Vigil to remember women killed by domestic violence in Butler County

Meanwhile, complex for violence victims is rising along Hamilton’s Grand Boulevard.

A noon vigil Thursday in downtown Hamilton will remember those killed by domestic violence, and will start at YWCA Hamilton. At its conclusion, a judge and the family of a local woman killed in the past year will speak about the importance of eliminating this crime.

“This is something we try to do annually to honor the victims of domestic violence, those who have not survived, and to draw attention to National Domestic Violence Month, which is October in every year,” said Wendy Waters-Connell, CEO of YWCA Hamilton. “Of course, we haven’t been able to do this, because of the pandemic. We’re going to do it this Thursday.”

Participants will gather outside the front entrance of the YWCA, 244 Dayton St., and will walk at the government services complex, 345 High St., where Hamilton Municipal Court Judge Dan Gattermeyer will speak.

The procession will start at noon and should reach its destination in about 15 minutes.

Crisis calls to the local hotline for domestic-violence victims “are over 150 percent of what they were before the pandemic,” Waters-Connell said.

The local domestic-violence hotline is 1-800-618-6523, and it is staffed at all hours by YWCA advocates.

The YWCA, meanwhile, has recently taken other steps to deal with domestic violence.

First, it hired a new director for its domestic-violence shelter, Dawn Anderson-Thurmond, who will begin work Monday.

Waters said Anderson-Thurmond has “a passion for domestic violence, and a vision for a domestic-violence shelter that is trauma-informed, and responds to the modern needs of survivors.”

She has more than 10 years of experience advocating for individuals in the county, including domestic-violence survivors, and has worked in both the juvenile and adult justice systems. Also: “Dawn understands the importance of preserving the dignity and well-being of marginalized populations while also protecting and empowering individuals to engage in healthy relationships and self-sufficiency,” Waters-Connell said.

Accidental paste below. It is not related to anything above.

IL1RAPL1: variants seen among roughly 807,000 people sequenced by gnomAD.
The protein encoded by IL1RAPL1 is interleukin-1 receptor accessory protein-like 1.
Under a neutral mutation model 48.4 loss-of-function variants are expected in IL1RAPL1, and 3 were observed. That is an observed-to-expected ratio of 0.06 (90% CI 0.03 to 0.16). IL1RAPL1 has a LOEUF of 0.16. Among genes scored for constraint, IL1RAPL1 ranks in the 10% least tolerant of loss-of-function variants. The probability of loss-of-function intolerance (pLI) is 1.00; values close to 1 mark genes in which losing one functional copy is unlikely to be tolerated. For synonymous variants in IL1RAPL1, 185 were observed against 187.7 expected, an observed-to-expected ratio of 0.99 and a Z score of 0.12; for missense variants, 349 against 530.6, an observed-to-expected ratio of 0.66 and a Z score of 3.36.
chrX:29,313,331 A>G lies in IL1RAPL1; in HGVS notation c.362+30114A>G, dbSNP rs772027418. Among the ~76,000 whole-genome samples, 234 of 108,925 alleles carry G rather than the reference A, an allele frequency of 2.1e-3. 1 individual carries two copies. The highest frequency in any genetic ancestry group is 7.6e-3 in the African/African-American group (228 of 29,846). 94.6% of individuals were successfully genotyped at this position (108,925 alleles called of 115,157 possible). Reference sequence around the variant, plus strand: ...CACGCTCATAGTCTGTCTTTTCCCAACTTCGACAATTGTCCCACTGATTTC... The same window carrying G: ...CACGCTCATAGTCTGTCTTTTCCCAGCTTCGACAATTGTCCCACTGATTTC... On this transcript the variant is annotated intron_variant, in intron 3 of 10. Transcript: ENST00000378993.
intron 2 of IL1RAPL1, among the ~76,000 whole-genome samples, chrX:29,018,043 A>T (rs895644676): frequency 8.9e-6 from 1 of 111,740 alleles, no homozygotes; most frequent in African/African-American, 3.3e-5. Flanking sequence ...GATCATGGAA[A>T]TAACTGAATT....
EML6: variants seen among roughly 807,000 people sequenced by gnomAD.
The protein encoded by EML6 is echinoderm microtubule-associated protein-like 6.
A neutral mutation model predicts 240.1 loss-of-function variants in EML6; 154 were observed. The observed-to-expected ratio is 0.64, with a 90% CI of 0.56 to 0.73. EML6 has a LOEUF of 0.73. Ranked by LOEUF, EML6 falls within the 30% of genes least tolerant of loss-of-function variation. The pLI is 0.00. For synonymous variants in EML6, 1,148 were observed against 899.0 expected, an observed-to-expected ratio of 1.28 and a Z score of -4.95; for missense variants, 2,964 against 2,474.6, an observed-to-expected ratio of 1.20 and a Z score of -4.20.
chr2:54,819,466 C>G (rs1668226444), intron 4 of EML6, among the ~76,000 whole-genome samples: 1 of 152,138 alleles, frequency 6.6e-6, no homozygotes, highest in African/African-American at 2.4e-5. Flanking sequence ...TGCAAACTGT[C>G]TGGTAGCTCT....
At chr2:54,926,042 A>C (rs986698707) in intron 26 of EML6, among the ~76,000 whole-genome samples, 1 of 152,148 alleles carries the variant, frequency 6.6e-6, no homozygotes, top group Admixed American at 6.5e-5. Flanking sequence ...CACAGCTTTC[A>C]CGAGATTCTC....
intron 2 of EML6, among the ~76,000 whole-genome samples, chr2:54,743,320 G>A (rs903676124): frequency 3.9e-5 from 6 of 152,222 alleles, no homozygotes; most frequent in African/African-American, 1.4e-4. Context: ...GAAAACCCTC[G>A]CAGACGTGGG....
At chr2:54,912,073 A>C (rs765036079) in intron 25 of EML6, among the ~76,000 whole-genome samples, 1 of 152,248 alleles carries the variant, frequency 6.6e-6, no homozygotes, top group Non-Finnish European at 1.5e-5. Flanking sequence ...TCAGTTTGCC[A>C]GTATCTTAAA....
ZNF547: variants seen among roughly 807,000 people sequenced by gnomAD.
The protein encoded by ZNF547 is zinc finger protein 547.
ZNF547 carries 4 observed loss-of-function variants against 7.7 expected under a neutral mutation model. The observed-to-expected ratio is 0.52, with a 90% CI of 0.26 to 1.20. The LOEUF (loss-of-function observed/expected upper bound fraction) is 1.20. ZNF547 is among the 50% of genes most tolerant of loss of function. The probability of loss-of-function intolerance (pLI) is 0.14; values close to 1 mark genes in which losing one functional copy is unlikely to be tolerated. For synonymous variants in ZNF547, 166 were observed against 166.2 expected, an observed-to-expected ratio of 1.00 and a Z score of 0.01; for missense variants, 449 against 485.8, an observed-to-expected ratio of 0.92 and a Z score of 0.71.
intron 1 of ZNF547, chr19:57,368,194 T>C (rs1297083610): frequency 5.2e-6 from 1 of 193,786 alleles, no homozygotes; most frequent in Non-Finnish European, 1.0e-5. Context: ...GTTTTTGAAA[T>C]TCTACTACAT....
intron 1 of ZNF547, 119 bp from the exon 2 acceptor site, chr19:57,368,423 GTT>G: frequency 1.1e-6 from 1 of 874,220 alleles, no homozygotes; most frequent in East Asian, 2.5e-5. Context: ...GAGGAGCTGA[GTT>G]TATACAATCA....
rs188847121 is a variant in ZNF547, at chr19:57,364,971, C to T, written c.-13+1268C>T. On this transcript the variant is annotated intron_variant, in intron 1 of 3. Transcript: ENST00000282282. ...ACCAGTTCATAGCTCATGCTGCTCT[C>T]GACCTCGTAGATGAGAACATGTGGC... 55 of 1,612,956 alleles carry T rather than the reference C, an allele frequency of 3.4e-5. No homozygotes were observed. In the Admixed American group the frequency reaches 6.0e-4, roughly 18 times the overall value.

“I’m really impressed with the work they’re already doing, and I can’t wait to join the team and help continue the great work,” Anderson-Thurmond said in an interview.

She has a bachelor’s degree from the University of Cincinnati and is a licensed chemical dependency counselor and behavioral health specialist. She was a case-management program manager at Modern Psychiatry and Wellness, supervising outpatient case managers and also worked in the sober-living program.

Anderson-Thurmond also spent the past year providing supportive services and education to women and families to help reduce infant mortality. Before being hired by the YWCA, she already had started intensive training with the Ohio Domestic Violence Network.

In the other major step to help domestic-violence victims, YWCA’s new, $11 million complex of apartments for those who need them, as well as new YWCA offices is rising at 1570 Grand Blvd., east of Ohio 4.

“Construction is coming along,” on the new facility, which will have dozens of apartments for Butler County people who are chronically homeless.

The YWCA’s current shelter has eight units, which are only sleeping rooms that share bathrooms, with a common kitchen and common living room. The new shelter will have 15 single-bedroom apartments with their own kitchens, bathrooms and small living rooms that can house abuse victims and their children.

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Already, framing has risen for the first of what will be three levels of a 50,000-square-foot complex, with plywood for the exterior walls, with doors and windows being installed.

“We are on time, as of right now, so we’re still projected to be in, December of ’22,” Waters-Connell said.

Eventually YWCA Hamilton, which was founded in 1900, likely will sell its existing Hamilton building.

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